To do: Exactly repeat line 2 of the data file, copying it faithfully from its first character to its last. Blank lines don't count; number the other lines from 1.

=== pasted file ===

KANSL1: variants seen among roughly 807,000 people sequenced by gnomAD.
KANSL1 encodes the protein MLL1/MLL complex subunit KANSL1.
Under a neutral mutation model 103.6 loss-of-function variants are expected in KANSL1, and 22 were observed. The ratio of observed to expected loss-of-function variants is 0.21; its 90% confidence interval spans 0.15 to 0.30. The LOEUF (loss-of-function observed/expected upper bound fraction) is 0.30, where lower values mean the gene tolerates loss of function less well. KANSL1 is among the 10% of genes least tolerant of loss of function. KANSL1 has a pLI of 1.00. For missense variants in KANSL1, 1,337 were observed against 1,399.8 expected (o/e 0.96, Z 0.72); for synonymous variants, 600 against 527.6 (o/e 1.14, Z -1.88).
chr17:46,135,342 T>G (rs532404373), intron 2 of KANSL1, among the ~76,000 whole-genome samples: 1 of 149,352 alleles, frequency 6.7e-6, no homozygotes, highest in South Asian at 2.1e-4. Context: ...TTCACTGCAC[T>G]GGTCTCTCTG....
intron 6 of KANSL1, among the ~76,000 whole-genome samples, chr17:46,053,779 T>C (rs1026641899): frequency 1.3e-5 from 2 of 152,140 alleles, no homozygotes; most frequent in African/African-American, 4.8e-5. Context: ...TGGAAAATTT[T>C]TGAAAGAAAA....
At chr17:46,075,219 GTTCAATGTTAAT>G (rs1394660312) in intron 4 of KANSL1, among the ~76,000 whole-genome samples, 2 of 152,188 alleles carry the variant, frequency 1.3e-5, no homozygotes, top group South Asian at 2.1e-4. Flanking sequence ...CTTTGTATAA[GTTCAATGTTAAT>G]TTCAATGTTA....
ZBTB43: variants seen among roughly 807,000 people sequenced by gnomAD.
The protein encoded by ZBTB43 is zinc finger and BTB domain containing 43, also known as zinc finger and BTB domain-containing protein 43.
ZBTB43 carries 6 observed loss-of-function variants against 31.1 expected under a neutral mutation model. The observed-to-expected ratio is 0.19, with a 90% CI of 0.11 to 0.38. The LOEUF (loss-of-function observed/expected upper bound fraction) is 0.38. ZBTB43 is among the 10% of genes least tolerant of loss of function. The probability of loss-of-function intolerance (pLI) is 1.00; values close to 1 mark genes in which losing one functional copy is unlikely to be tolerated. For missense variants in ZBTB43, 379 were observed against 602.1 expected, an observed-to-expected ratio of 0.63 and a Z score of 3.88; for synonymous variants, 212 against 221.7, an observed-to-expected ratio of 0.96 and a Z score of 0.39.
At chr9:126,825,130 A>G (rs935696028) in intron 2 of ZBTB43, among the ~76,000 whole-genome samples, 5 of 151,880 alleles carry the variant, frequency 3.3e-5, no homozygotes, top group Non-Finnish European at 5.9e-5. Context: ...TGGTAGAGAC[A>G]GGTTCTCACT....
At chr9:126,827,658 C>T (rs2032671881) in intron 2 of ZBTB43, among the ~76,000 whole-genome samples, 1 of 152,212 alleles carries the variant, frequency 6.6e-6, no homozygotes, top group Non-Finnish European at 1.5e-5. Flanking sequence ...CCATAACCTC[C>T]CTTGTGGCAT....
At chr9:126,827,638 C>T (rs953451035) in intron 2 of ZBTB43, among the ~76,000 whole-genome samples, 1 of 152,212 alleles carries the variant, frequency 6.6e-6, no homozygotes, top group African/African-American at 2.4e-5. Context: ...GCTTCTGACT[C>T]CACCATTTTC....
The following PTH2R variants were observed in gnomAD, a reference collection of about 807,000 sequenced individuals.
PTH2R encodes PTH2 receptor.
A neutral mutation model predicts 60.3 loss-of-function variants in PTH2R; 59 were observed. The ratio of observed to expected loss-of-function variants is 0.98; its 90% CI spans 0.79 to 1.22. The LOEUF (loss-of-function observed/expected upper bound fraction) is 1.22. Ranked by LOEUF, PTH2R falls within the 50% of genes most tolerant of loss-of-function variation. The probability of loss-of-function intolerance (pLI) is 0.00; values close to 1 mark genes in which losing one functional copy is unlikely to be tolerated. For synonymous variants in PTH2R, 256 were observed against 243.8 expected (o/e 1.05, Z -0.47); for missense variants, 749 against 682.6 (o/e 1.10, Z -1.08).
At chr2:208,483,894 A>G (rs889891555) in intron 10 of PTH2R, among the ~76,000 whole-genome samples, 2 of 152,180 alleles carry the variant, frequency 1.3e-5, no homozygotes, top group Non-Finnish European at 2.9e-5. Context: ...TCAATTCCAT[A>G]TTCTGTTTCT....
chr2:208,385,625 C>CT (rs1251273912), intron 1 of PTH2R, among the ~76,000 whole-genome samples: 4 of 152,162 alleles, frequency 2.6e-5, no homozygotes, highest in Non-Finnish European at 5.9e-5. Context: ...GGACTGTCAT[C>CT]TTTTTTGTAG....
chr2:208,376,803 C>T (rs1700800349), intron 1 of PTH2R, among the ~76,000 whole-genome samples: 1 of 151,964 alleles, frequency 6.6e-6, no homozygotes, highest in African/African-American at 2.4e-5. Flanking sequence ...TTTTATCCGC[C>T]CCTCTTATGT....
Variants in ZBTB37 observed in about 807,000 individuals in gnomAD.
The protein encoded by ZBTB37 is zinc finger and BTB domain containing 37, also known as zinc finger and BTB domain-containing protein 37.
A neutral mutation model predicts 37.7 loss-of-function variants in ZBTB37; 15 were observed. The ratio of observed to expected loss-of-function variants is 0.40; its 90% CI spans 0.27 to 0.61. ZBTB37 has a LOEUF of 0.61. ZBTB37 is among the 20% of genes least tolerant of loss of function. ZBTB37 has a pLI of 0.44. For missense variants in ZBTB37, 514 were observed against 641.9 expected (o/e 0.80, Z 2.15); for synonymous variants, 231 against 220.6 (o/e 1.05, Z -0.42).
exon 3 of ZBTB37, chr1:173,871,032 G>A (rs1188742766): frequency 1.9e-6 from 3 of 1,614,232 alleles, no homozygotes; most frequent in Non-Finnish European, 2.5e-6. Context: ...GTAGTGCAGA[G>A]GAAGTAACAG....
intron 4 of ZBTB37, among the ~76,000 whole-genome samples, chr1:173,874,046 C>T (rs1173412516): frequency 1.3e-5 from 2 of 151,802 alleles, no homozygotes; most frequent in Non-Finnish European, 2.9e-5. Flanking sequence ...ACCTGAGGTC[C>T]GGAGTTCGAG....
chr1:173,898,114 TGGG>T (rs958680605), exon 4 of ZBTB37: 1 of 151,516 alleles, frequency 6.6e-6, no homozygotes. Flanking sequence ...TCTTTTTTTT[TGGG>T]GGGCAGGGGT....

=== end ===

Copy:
KANSL1 encodes the protein MLL1/MLL complex subunit KANSL1.